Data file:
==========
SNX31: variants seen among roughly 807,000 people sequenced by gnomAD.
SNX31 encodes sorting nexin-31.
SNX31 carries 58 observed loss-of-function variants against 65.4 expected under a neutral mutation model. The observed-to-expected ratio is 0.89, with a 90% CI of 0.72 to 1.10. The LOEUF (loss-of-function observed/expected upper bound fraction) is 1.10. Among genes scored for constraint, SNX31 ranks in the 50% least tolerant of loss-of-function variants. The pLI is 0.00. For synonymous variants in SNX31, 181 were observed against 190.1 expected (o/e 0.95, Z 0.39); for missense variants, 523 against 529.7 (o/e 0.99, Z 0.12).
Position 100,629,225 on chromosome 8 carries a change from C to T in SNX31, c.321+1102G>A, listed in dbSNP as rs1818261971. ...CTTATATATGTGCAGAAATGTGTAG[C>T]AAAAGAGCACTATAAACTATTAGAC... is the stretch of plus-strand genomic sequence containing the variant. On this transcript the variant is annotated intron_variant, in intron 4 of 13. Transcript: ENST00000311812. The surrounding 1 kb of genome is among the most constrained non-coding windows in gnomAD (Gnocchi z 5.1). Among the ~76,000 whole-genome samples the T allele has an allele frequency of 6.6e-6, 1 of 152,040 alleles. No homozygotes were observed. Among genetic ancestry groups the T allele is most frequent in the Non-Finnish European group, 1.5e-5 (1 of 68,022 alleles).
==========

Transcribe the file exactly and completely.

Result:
SNX31: variants seen among roughly 807,000 people sequenced by gnomAD.
SNX31 encodes sorting nexin-31.
SNX31 carries 58 observed loss-of-function variants against 65.4 expected under a neutral mutation model. The observed-to-expected ratio is 0.89, with a 90% CI of 0.72 to 1.10. The LOEUF (loss-of-function observed/expected upper bound fraction) is 1.10. Among genes scored for constraint, SNX31 ranks in the 50% least tolerant of loss-of-function variants. The pLI is 0.00. For synonymous variants in SNX31, 181 were observed against 190.1 expected (o/e 0.95, Z 0.39); for missense variants, 523 against 529.7 (o/e 0.99, Z 0.12).
Position 100,629,225 on chromosome 8 carries a change from C to T in SNX31, c.321+1102G>A, listed in dbSNP as rs1818261971. ...CTTATATATGTGCAGAAATGTGTAG[C>T]AAAAGAGCACTATAAACTATTAGAC... is the stretch of plus-strand genomic sequence containing the variant. On this transcript the variant is annotated intron_variant, in intron 4 of 13. Transcript: ENST00000311812. The surrounding 1 kb of genome is among the most constrained non-coding windows in gnomAD (Gnocchi z 5.1). Among the ~76,000 whole-genome samples the T allele has an allele frequency of 6.6e-6, 1 of 152,040 alleles. No homozygotes were observed. Among genetic ancestry groups the T allele is most frequent in the Non-Finnish European group, 1.5e-5 (1 of 68,022 alleles).